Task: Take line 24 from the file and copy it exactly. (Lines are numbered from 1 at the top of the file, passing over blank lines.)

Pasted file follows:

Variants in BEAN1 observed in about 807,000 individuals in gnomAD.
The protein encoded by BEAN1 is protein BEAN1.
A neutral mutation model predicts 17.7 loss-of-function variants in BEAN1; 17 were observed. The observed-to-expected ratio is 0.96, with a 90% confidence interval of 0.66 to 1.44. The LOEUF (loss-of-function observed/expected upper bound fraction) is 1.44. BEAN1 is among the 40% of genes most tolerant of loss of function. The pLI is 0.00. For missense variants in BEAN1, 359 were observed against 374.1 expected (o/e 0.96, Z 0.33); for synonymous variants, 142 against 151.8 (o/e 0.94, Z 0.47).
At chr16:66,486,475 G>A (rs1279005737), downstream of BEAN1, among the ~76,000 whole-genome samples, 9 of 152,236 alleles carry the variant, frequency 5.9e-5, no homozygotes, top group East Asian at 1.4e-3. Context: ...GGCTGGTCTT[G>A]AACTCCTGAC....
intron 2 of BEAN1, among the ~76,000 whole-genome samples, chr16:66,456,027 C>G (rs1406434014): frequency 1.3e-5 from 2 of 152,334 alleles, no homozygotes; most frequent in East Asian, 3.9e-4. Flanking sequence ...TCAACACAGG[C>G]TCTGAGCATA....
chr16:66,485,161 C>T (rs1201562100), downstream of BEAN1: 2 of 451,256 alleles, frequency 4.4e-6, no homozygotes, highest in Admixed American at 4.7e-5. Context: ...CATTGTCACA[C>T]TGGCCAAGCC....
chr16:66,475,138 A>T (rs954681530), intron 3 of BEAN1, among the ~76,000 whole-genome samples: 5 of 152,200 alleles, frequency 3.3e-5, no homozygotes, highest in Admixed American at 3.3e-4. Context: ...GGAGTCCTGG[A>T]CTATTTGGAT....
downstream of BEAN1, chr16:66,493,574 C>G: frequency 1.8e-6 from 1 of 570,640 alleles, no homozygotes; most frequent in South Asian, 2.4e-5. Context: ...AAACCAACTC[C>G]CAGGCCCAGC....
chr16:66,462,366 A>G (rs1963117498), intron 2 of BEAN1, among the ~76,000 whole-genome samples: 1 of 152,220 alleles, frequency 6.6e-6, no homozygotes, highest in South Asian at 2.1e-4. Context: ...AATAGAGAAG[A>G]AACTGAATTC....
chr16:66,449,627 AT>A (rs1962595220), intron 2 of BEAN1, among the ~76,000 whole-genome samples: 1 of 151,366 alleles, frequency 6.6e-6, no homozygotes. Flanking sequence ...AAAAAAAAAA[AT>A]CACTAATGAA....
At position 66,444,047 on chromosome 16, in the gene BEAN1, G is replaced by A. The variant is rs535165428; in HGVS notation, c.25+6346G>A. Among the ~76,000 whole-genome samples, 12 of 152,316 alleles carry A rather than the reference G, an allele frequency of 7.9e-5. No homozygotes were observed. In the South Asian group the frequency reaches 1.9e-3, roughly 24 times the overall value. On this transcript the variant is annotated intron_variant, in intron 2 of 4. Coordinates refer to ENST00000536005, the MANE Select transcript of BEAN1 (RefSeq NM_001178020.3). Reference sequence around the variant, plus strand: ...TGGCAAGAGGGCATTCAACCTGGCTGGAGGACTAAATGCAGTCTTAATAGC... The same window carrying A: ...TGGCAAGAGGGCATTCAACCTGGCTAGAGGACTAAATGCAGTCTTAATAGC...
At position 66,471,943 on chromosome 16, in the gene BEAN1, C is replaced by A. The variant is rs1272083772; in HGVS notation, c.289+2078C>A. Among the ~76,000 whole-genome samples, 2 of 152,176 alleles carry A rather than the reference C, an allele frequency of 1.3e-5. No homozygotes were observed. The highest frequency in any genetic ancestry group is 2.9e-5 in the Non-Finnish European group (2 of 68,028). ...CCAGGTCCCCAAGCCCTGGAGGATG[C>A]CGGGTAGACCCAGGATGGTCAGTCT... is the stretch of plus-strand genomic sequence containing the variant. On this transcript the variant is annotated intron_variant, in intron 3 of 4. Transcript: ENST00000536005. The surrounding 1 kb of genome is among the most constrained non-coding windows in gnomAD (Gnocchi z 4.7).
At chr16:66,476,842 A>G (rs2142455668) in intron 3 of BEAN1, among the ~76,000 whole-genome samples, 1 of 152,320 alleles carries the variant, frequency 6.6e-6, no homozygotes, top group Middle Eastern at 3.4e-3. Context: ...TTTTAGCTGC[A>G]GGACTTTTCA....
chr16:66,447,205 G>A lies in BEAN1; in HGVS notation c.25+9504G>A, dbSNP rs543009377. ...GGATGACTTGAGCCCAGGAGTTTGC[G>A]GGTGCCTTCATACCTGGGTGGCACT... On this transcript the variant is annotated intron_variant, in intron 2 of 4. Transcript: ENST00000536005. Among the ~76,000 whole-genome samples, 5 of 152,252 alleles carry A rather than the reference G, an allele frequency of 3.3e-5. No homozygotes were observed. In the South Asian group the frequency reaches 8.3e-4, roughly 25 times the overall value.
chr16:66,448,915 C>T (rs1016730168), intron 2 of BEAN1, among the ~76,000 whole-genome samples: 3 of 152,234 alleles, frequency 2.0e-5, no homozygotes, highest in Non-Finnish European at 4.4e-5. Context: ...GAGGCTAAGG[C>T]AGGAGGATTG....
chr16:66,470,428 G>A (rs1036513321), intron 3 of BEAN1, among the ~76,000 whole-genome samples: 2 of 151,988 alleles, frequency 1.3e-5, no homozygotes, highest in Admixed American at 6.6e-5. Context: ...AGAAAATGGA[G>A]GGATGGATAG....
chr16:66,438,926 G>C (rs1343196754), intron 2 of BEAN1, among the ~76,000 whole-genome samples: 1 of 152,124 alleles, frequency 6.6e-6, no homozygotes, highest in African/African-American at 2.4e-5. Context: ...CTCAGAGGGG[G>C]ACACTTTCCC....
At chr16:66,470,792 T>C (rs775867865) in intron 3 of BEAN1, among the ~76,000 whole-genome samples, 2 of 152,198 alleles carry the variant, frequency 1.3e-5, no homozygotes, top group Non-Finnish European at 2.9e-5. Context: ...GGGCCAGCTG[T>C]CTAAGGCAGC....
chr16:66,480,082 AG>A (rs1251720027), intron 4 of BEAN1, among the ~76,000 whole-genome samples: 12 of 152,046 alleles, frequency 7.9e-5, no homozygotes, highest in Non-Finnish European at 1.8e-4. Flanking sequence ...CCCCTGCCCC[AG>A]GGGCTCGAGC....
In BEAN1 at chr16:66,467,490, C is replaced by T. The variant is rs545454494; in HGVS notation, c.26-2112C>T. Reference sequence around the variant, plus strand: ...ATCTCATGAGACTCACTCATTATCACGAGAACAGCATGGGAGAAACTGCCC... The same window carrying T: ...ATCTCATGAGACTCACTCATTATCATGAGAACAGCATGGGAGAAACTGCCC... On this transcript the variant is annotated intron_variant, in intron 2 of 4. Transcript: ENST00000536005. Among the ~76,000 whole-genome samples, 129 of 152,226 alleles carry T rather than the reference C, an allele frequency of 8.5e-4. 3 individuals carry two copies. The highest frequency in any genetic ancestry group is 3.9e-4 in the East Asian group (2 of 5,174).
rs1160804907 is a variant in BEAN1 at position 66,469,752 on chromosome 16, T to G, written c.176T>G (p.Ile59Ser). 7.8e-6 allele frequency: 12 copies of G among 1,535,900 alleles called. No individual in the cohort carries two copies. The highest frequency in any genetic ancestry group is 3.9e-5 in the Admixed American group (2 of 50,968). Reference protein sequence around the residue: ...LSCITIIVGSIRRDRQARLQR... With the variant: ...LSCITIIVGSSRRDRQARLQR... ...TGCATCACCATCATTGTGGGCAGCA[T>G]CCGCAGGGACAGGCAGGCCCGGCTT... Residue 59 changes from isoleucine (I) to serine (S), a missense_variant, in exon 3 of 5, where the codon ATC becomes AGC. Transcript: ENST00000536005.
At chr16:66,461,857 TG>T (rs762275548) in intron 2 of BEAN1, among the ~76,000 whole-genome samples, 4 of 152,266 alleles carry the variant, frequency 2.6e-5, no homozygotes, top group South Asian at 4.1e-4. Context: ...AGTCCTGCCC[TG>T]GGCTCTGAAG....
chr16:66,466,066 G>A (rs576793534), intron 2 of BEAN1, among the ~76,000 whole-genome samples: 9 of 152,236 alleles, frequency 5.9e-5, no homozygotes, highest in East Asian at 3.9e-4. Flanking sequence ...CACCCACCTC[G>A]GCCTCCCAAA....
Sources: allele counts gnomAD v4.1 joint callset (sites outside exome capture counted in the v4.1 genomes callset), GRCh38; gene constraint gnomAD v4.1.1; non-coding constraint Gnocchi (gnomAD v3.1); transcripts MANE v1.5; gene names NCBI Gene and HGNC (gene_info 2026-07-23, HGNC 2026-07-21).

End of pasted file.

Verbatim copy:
Sources: allele counts gnomAD v4.1 joint callset (sites outside exome capture counted in the v4.1 genomes callset), GRCh38; gene constraint gnomAD v4.1.1; non-coding constraint Gnocchi (gnomAD v3.1); transcripts MANE v1.5; gene names NCBI Gene and HGNC (gene_info 2026-07-23, HGNC 2026-07-21).